Black Panther: The Album

The soundtrack uses themes from the film and modern society to emphasize pride and cultural identity.


Nikolas Draper-Ivey crafted a contemporary and powerful soundtrack cover for Black Panther.

Before the largely anticipated film, Black Panther, premiered on February 16th, the soundtrack was released by Interscope Records on February 9th. A week before the movie was even released the album reached 139 million on-demand audio streams proving its worldwide anticipation. Since then, Black Panther The Album has debuted as No. 1 on Billboard top 200 albums chart. Working alongside label executive Anthony “Top Dawg” Tiffith, Kendrick Lamar executively produced the tracks under TDE label and appears on five of the fourteen songs. Check out the playlist below!

  1. Black Panther || Kendrick Lamar
  2. All The Stars || Kendrick Lamar, SZA
  3. X || ScHoolboy Q, 2 Chainz, Saudi
  4. The Ways || Khalid, Swae Lee
  5. Opps || Vince Staples, Yugen Blakrok
  6. I Am || Jorja Smith
  7. Paramedic! || SOB X RBE
  8. Bloody Waters || Ab-Soul, Anderson .Paak, James Blake
  9. King’s Dead || Jay Rock, Kendrick Lamar
  10. Redemption Interlude || Zacari
  11. Redemption || Zacari, Babes Wodumo
  12. Seasons || Mozzy, Sjava, Reason
  13. Big Shot || Kendrick Lamar, Travis Scott
  14. Pray For Me || The Weeknd, Kendrick Lamar

Black Panther is not only a movie but also a cultural movement. The film takes place in a fictional African nation called Wakanda where life is the most technologically advanced on Earth and culture is particularly spiritual. The album seeks to reflect such emotions by blending different genres and representing black artists. Racism, more specifically police brutality, is talked about front and center along with inner-power, self-reflection, and finding one’s identity. Four South Africans are featured along with eleven African American artists, mostly West Coast natives.

There are parts of the movie, the visual experience of the movie, that are made more complete by the music, and that has an additional emotional effect.”

— David Bakula, senior vice president of analytics at Nielsen Entertainment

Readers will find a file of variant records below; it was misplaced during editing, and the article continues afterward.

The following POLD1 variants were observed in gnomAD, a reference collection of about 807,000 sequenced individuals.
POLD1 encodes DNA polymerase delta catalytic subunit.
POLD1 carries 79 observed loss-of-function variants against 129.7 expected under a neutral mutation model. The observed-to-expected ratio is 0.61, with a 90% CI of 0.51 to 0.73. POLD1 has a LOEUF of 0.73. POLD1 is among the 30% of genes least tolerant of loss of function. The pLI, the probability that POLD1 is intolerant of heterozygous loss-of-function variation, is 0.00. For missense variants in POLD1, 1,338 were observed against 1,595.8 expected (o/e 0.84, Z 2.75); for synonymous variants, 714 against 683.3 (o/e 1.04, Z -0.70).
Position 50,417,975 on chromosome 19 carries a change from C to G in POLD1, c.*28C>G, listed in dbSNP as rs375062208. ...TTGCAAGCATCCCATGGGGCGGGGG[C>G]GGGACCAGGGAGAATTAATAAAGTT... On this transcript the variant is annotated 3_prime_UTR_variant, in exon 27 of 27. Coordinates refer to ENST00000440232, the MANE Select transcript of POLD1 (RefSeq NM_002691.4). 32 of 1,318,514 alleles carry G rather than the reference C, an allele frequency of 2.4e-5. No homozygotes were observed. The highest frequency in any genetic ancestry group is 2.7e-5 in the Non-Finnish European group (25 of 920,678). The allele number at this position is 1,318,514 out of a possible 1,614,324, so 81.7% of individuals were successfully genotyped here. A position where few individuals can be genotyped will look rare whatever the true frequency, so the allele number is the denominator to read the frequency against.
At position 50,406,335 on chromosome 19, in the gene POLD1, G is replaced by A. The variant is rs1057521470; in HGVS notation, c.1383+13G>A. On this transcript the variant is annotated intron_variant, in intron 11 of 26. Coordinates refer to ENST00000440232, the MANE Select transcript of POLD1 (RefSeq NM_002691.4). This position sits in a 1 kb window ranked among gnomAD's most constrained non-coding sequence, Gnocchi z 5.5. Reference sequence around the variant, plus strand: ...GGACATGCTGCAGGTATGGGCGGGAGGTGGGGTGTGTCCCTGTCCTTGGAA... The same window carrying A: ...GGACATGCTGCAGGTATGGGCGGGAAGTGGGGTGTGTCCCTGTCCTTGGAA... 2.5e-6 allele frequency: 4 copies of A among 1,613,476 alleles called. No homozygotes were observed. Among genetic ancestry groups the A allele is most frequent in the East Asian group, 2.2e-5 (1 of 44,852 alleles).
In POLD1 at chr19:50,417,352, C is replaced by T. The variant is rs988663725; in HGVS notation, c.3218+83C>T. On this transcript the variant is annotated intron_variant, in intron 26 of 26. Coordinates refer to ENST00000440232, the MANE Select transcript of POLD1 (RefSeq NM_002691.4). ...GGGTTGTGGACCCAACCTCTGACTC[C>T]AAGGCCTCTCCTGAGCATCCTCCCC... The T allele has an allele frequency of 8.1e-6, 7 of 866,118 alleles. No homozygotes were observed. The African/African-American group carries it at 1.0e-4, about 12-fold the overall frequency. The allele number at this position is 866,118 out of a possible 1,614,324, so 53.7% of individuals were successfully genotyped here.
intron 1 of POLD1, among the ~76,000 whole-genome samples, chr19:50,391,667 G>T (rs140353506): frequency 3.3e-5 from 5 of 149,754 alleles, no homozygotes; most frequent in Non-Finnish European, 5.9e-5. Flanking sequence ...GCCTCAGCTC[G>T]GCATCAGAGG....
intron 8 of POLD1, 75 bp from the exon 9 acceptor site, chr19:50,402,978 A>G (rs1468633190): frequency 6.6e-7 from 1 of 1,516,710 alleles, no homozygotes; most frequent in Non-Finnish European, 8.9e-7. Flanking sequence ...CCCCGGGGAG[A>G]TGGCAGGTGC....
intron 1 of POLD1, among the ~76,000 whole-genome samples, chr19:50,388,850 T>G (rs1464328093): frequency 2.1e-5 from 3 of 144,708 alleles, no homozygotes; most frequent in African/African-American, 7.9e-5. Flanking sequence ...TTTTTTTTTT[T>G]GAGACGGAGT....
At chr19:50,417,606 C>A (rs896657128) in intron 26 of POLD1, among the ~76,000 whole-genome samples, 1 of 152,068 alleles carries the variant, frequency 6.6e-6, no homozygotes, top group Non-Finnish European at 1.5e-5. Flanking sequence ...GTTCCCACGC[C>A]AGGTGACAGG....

All the Stars, the second track on Black Panther, is one of the most popular hits on the album. You can hear SZA’s personality as she sings over streaking synths and stamping drums. Kendrick’s verse about conflict and resolution, “You can bring a bullet, bring a sword/ Bring a morgue, but you can never bring the truth to me” delivers an enthralling turn to SZA’s contemporary mid tempo ‘80s synth-pop.

Kendrick and The Weeknd’s collaboration on the song, Pray For Me, echoes an intense mood and thumping baseline that attracts attention with haunting vocals. “Who need a hero?/ You need a hero, look in the mirror, there go your hero,” exclaims Kendrick in reference to the many injustices currently faced by blacks in America. This track tells a story that you won’t forget.

In my opinion, the best song on the album is The Ways by Khalid featuring Swae Lee and Kendrick Lamar. Maybe it’s just my love of R&B, but Khalid’s mellifluous voice and soothing tone paired with Swae Lee’s catchy, synthetic verse makes for a beautiful song. The listener is furthermore captured by the lyrics as Khalid and Swae Lee discuss their desire for a power girl, someone who can support a man when he’s at his worst.

If you are planning on seeing Black Panther, be sure to sit down and listen to the movie’s album in its entirety. Rap, pop, and R&B are all highlighted between fourteen songs, so there is bound to be a track you will enjoy. Not only is the music exceptional, but the lyrics convey a strong political and social message in the wake of today’s society.